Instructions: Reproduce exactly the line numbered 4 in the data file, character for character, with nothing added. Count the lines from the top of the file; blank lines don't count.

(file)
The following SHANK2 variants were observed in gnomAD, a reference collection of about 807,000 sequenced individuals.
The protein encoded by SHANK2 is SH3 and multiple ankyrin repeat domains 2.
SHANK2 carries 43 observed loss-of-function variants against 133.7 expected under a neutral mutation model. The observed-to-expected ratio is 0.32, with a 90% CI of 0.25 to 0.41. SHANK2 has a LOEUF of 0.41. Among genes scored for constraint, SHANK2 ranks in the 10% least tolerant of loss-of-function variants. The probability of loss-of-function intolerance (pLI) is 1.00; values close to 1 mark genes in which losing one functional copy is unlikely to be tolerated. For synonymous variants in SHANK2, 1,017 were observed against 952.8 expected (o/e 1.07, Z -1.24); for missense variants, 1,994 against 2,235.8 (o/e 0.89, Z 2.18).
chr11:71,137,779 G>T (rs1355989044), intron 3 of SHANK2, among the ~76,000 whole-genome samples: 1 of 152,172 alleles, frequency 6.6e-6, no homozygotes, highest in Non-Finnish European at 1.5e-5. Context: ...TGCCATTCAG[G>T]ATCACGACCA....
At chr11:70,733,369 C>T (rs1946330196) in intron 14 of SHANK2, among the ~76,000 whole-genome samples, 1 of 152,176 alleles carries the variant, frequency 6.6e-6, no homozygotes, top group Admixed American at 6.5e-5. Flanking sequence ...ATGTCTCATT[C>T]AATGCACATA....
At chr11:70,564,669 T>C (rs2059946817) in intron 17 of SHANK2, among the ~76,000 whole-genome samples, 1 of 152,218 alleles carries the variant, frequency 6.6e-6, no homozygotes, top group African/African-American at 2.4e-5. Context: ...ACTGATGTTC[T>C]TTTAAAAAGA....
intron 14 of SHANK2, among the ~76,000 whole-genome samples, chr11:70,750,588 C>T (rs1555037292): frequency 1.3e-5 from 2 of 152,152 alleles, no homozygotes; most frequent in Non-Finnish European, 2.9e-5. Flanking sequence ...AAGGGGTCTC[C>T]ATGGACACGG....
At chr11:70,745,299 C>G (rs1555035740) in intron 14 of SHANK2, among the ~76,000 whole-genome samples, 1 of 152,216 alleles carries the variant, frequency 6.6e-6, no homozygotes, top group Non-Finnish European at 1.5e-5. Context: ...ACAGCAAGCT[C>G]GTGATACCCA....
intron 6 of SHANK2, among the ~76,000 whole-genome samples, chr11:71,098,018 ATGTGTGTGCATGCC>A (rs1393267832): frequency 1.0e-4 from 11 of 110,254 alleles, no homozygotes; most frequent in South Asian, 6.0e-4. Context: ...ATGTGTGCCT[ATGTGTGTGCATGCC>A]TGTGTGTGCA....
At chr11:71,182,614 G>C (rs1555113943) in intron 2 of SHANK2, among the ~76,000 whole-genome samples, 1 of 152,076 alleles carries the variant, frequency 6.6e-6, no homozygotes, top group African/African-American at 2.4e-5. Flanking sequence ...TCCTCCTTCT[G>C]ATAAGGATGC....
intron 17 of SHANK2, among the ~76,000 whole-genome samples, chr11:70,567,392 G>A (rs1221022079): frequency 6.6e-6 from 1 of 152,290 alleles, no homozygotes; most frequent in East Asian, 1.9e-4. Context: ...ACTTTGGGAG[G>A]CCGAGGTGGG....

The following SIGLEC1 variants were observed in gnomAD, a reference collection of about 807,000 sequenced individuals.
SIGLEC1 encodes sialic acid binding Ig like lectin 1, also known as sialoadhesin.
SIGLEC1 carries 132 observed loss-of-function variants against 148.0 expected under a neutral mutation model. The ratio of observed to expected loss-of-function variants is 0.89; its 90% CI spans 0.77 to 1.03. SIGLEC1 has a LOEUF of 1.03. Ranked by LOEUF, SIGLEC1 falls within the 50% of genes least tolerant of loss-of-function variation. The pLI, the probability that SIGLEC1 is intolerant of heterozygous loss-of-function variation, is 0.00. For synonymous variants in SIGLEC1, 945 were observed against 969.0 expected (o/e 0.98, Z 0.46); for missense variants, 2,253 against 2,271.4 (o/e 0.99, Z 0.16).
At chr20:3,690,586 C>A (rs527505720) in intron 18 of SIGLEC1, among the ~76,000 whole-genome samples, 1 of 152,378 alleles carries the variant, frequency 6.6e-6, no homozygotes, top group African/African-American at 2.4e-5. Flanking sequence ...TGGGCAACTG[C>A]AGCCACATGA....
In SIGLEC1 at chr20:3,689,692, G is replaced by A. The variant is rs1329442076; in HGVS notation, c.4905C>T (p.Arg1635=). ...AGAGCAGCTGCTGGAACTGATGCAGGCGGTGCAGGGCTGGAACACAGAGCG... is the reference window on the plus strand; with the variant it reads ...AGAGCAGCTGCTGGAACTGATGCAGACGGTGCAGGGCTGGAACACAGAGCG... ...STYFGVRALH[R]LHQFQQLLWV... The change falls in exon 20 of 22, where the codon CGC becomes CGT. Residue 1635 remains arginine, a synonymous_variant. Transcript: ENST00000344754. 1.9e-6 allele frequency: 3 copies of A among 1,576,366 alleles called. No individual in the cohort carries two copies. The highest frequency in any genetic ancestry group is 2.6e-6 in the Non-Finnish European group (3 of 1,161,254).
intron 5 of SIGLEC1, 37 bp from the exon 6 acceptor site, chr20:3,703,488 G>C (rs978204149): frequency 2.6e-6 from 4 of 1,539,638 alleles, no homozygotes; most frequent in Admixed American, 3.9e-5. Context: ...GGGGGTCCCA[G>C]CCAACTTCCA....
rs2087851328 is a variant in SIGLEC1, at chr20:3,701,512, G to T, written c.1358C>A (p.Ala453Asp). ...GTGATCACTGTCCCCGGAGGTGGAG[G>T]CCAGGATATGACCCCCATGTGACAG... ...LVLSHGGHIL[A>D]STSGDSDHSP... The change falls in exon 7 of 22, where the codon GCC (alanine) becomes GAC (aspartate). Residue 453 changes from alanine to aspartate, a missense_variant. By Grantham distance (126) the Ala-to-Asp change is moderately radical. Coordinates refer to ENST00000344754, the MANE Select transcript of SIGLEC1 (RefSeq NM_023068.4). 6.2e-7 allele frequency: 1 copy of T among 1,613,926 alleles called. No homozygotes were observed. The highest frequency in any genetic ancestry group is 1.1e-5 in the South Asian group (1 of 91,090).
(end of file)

chr11:71,137,779 G>T (rs1355989044), intron 3 of SHANK2, among the ~76,000 whole-genome samples: 1 of 152,172 alleles, frequency 6.6e-6, no homozygotes, highest in Non-Finnish European at 1.5e-5. Context: ...TGCCATTCAG[G>T]ATCACGACCA....